Progress Reports

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Milton Abbas Local History Group

Oct 2017

The first meeting of the new 2017/2018 season attracted 34 attendees, including new members. A short AGM and meeting was followed by a talk from Chris Fookes on the old roads and tracks of Milton Abbas. Most of these Chris had ridden on horseback in his younger days, so he has a wealth of knowledge. We have large scale maps and surveys of 1652, 1770, 1808, 1902 and today to plot the path of these roads and tracks. Next month will we use these maps together with four documents from the Dorset Quarter Sessions Order Books to show how the roads were altered by Joseph, Lord Milton in his removal of the village and installation of the Capability Brown designed landscape. Well that’s the plan – it might not be as easy as it sounds!

The Chairman’s report showed just how much we have achieved over the past year. Thanks to all our members for their contributions to research, cataloguing, donating, organising and helping at events. We are sure that the forthcoming year will be just as busy.

The Treasurer’s report showed a healthy balance, which will allow us to purchase some maps and books.

Our website (www.miltonabbashistorygroup.com) continues to grow and there are currently 34 pages active, and a blog which is kept up to date. You can also join our Facebook page which has 30 members and growing. One of the visitors to the website has been researching The Retreat, and he believes that it was used by Benedictine monks 1899 – 1901. One of our members recounts his father telling him that monks at the turn of the 19th century used to process down to the Abbey with candles – an evocative memory.

This month Barry Laing and his wife Vanessa Morris visited us all the way from Australia. Barry’s ancestors are the Vine family of Milton Abbas who ran the Hambro Arms from 1850 – 1880. He has given us a photo of Samuel Vine, which is published on our Facebook page. Barry also found a gravestone in St James churchyard. He would love to hear from anyone who has any 19th century history, or photos of the Hambro Arms.

Sep 2017

Our exhibition held in the Reading Rooms on 16 and 17 Sep was a great success and the addition of the sale of coffee and cake proved to be worth while. Our displays of a small fraction of our findings were found to be of great interest to our visitors. Most were local people but we had visitors from Northampton, Bournemouth and Poole who came especially to share their documents and family research with us. This new information is vital for our Old Town Project where we are trying to discover what the impact of moving the town had on the ordinary people. Thanks to Ann and Chris Fookes for putting up a display of the Fookes Brewery.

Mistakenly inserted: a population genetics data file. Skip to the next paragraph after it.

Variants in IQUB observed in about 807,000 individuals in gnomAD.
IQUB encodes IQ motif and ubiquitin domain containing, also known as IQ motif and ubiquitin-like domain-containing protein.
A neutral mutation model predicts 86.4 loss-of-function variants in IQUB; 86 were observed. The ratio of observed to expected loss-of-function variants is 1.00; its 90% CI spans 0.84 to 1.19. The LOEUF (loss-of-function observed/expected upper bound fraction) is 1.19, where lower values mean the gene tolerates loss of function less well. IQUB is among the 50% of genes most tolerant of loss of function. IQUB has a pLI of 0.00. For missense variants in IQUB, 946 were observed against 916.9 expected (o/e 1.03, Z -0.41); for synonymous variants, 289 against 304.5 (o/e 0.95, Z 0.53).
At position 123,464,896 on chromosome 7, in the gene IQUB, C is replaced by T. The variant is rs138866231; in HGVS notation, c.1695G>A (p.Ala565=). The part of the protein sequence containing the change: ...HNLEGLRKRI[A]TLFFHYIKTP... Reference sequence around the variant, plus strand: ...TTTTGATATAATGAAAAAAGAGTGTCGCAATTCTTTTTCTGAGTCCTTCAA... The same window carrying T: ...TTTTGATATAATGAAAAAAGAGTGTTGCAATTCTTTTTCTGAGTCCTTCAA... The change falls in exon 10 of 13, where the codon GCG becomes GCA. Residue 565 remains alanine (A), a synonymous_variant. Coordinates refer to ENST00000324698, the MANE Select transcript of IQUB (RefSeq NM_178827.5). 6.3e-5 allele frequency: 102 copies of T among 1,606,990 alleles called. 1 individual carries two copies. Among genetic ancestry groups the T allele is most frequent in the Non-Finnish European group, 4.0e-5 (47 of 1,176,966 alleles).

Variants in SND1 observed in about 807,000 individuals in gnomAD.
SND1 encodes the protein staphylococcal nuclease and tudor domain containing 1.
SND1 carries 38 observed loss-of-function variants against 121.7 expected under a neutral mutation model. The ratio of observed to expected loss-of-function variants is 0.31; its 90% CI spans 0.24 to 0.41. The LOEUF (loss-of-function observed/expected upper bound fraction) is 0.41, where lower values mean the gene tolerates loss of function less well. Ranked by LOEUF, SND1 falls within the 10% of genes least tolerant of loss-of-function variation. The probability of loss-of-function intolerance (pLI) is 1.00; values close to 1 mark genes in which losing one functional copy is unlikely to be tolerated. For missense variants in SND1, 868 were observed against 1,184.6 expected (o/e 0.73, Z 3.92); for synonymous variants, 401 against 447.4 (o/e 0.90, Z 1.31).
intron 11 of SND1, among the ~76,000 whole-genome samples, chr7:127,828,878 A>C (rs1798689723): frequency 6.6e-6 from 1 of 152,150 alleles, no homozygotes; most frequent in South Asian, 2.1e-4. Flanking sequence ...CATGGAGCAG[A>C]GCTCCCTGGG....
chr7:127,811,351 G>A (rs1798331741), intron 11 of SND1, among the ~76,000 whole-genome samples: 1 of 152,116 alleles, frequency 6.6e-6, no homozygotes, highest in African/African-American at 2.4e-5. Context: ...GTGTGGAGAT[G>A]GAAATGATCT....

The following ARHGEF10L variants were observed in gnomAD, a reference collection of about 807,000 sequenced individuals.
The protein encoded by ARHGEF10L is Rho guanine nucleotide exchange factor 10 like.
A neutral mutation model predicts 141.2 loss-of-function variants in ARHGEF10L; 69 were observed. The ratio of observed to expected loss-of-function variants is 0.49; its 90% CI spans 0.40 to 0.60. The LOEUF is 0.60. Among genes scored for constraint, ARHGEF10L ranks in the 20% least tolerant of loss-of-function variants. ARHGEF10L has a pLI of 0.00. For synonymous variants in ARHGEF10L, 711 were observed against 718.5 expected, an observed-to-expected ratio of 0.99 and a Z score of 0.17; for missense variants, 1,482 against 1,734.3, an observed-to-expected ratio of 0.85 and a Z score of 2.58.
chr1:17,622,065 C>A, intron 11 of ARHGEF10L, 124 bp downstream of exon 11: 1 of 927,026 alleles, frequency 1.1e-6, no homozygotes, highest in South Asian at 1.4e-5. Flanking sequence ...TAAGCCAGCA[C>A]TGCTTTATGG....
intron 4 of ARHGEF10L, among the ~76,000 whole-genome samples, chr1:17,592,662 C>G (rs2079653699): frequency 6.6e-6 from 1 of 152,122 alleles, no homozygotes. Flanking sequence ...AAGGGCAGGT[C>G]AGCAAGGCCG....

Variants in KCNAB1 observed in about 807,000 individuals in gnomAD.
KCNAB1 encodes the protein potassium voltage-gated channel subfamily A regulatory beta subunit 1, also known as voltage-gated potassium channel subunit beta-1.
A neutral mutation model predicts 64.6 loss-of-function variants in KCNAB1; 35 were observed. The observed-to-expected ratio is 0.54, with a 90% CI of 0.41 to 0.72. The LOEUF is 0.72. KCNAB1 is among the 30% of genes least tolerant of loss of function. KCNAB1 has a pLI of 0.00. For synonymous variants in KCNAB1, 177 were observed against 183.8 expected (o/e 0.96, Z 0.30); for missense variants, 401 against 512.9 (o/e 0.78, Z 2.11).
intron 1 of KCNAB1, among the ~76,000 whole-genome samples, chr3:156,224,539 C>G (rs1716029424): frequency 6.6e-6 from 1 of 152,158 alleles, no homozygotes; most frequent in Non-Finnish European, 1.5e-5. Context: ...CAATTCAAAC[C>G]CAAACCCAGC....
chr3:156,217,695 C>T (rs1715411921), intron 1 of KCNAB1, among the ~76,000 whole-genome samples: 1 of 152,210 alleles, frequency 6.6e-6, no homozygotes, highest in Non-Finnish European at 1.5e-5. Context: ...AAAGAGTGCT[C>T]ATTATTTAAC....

In August we held a BBQ for history group members and were blessed by some good weather for a change. Some thirty members came along and enjoyed the event.

We were delighted to hear that the Milton Abbas Street Fair Trustees were kind enough to grant us our request. This has been used to help us display more of our research and meet our Aims and Objectives.

Our website has been growing in popularity and enquiries have been received from all round the world. In addition we have had offers of help to transcribe the Overseers of the Poor books, and we now have a correspondent in Australia helping us with this, and hopefully another in west Dorset. Visit our website at https://miltonabbashistorygroup.com. Or our Facebook page.

The Overseers of the Poor books are of enormous historical importance revealing how people lived in a poor rural community in the late 18th century. We have just come across a record in these books which is entirely new to us – 1781 “At a Vestry held this Sixteenth day of April the following Poor People appear’d & Complained they wanted as follows – Assistance for 3 children of his sister Ann Segar Boy aged 9,8 & 6…”  This was followed by thirty more pleas. Pleas for cash were not granted, but shoes, shirts and shifts were given. We continue to be puzzled by the cash flow: the income from the annual rates in 1781 is about £3, yet the expenditure was around £120 for that year. How on earth was the difference made up? If anyone has any ideas please let us know.

The visit to Cerne Abbas with a presentation and tour followed by a meal at the Giant Inn proved popular. Phil Pryce, our transcriber from Lytham St Annes was able to join us.

Another visitor and transcriber, Chris Wood and his wife Debra visited us all the way from British Columbia, and were given a tour of the Abbey and St James graveyard where they found memorial stones to their ancestors.

A new book out by Jenny Nater – Secret Duties of a Signals Interceptor: Working with Bletchley Park, the SDs and the OSS, mentions Park Farm and the arrival of the Rifle Brigade during WW2 and being billeted there.

We would like to study the changes in the population of the village over time, for example birth, death and marriage rates, age at death, age at marriage, number of children. If any of our readers would be interested in helping with this please get in touch.

Our next meeting will be on Wed 4 Oct at 7:30pm. This will be our AGM and there will be a presentation on the Roads and Tracks of Milton Abbas, ancient and modern.

Hope to see you there.

Aug 2017

Well July was the month of the Milton Abbas Street Fair and much time was spent organising an exhibition of some of our work. It is unusual to have an exhibition of display boards outside in the wind and rain and now we know why! But we managed it (just) with some discretely disguised house bricks wrapped in rustic looking hessian. We were pleased by the number of people who took an interest in the history of Milton Abbas.